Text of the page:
AN: “Get used to it, it might happen again.”
LP: At the end of the day, your perspective is so great. And I think it gets to the point where no one can hurt you anymore, ‘cause you’re like: “Whatever, dude.”
AN: You just have to go on, because many people after being dropped for the first time think that they have got no talent, no chances and they start, let’s call it a “real jobs,” they come back to their lives and..
LP: But then, how about getting a hold of yourself going: “Somebody never got a record deal. Ever!” It’s hard stuff. And people are constantly… there are constant disappointments. Even the talent shows. It teaches people that: the disappointment, when they think someone’s gonna win. Or the people that are in the talent show also experience that. And it’s really hard. I can never do one of those. They asked me to do the Voice back in the day and I was like: “Are you nuts?! No way!” It’s so hard, I admire the people that do that. I’d be like: “Listen, I don’t need somebody turn around in a chair to tell me I can sing. Fuck you!” But people that do it, that’s really brave, brave, brave stuff. And I think these shows that really show people how hard it is. And at the same time it’s glorified in a way. They want to do that, it’s the drama. But life is up and down, man.
AN: Are there some things that you really laugh at? When you think about your past, when you think about your dreams as a musician, about your career, or your thoughts about the business and anything like that?
LP: Things I laugh at? Oh gosh, I think I laugh at how fast things would go, all the time. Like, it would take just this one thing, and then: bam! And I know that’s some people’s experience, but very few. That’s the thing that’s kind of hard. I think that 0.000001% of musicians and pop stars, that that does happen to, that fairy tale thing, it’s so ingrained in the public’s mind that kids get involved in a career like that and they’re like: “That’s what’s gonna happen to me!” And then if it doesn’t go down like that, they’re just like: “Yeah. Didn’t happen…” I think that’s a bit premature and I think there’s work involved. I also say this all the time about painters. A person who becomes a famous painter doesn’t sit and paint one painting and wait. “It’s great. Yeah. You should see it. Yeah, I’m a painter. This one, it’s great, right?” They don’t do that. That’s to me what songwriting is. It’s just constant honing, crafting and just trying to channel the emotions through the craft and whatever you can get it through to get some magic to happen. It’s magic, there’s an element of magic in songwriting. And I think a lot of very huge songwriters would say that. I think Paul McCartney has said that basically, in not so many words. There’s something about it that’s just alchemy, and it happens.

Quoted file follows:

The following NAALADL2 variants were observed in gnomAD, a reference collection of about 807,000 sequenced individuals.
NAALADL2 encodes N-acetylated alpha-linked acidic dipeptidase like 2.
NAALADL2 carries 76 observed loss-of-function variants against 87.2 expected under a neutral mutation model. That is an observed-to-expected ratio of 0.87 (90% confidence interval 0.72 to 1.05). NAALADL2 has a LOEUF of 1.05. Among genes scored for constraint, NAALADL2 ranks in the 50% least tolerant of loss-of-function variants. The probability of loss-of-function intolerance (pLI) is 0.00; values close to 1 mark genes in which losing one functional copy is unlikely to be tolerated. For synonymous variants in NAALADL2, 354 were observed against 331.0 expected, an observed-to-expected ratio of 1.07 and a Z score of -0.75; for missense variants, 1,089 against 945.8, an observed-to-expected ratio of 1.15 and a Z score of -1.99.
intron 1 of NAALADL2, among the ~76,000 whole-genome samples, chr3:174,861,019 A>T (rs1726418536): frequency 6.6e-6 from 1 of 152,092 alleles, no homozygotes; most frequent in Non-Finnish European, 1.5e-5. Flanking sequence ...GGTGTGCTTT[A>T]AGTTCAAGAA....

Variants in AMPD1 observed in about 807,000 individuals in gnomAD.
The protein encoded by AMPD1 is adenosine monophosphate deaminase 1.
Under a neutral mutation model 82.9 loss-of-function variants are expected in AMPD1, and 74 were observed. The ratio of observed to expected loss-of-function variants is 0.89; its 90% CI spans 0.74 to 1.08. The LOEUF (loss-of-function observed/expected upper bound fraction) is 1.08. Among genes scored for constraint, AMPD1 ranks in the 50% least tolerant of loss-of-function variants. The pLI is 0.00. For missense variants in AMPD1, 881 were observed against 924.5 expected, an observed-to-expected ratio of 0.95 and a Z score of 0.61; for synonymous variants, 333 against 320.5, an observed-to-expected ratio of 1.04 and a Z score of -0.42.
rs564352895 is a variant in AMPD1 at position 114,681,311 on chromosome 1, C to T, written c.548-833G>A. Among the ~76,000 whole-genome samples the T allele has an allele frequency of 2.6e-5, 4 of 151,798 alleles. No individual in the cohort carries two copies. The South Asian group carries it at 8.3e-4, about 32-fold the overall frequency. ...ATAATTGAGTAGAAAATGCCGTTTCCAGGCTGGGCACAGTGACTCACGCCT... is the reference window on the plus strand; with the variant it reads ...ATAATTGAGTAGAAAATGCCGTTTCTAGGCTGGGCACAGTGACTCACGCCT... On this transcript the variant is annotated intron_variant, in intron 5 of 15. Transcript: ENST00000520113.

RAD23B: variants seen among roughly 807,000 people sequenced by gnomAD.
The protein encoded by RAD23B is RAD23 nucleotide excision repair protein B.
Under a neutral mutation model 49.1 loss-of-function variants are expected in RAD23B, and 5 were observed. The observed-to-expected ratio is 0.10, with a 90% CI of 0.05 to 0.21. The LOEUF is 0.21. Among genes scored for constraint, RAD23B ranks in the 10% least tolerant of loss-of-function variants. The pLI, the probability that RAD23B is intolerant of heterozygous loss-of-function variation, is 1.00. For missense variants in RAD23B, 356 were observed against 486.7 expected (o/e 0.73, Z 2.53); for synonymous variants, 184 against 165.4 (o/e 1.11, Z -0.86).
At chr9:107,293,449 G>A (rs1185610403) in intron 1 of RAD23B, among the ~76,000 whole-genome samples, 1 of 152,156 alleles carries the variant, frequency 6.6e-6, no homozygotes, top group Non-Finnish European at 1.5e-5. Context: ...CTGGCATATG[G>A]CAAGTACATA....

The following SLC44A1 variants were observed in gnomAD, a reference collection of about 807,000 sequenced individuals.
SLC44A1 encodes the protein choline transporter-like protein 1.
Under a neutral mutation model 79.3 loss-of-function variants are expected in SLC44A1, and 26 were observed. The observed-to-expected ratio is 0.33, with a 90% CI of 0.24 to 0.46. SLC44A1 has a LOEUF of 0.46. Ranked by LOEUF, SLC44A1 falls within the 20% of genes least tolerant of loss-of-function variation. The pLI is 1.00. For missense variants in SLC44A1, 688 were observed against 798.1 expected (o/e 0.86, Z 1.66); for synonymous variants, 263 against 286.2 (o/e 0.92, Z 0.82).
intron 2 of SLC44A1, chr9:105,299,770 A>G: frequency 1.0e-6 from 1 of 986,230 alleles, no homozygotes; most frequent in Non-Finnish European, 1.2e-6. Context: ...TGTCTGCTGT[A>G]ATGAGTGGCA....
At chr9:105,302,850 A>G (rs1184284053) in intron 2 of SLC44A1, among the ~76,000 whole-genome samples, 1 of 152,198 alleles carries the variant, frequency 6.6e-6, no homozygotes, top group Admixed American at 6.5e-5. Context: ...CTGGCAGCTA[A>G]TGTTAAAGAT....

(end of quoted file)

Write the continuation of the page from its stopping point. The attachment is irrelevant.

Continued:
AN: Luckily for you, with songs it’s not as complicated as with painters, because many of them have to die before they get appreciated.
LP: Still though? I don’t think. I think paint fumes were responsible for that back in the day. I probably am not familiar enough with the art world at this point to know if there are modern painters that pass away before they posthumously become famous.
AN: Many of them need to pass away before people recognize them.
LP: Yeah, many of them back in the day. You know, the whole Van Gogh thing.
AN: So music is better in those terms, definitely better.
LP: I just recently read, because they’re making a movie about Van Gogh, and they were saying how Van Gogh’s brother worked very hard for him. And he was very ambitious. I’ll wait to see the movie, I’ll let you see the movie as well. It’s interesting, the sacrifices that people make. I’m reading… there’s this woman, Lucia Berlin, I’m just starting to read, she also didn’t live to see her fame, it was like fifteen years later and her writing started to become famous. It’s so interesting that she could be writing and the timing – that is what this is all about. Like, what happens and why people did not come across her work before. It just seems strange to me. Well, it doesn’t seem strange to me, I get it. It’s just tragic and interesting that that happens with people’s work. And that’s why I feel like, not that that would happen to me, but I feel very blessed to be… And I’ve been doing it for over ten years, I’ve been making a cool living at music, and then this happened in a home stretch. And it’s awesome. And my perspective of it is so invaluable to me. I feel really lucky also for that, that I just have the perspective to go: woah. It can happen, and it doesn’t happen. There’s plenty of people. I feel I’m living their the other “what if I…” ‘Cause when I left New York and moved to California, I think that was a new beginning for me. And if I hadn’t done that, things would be so different. And I always think about that. ‘Cause I was in a relationship in New York and it wasn’t bad, it was just kind of plateaued, and I knew if I didn’t pursue my career even harder, then in ten years I would go like: “Oh man, I should have… I should have really gone for it,” because I did all this stuff to get to where I was and then I kind of… I think about that often. The what ifs are really, very deep.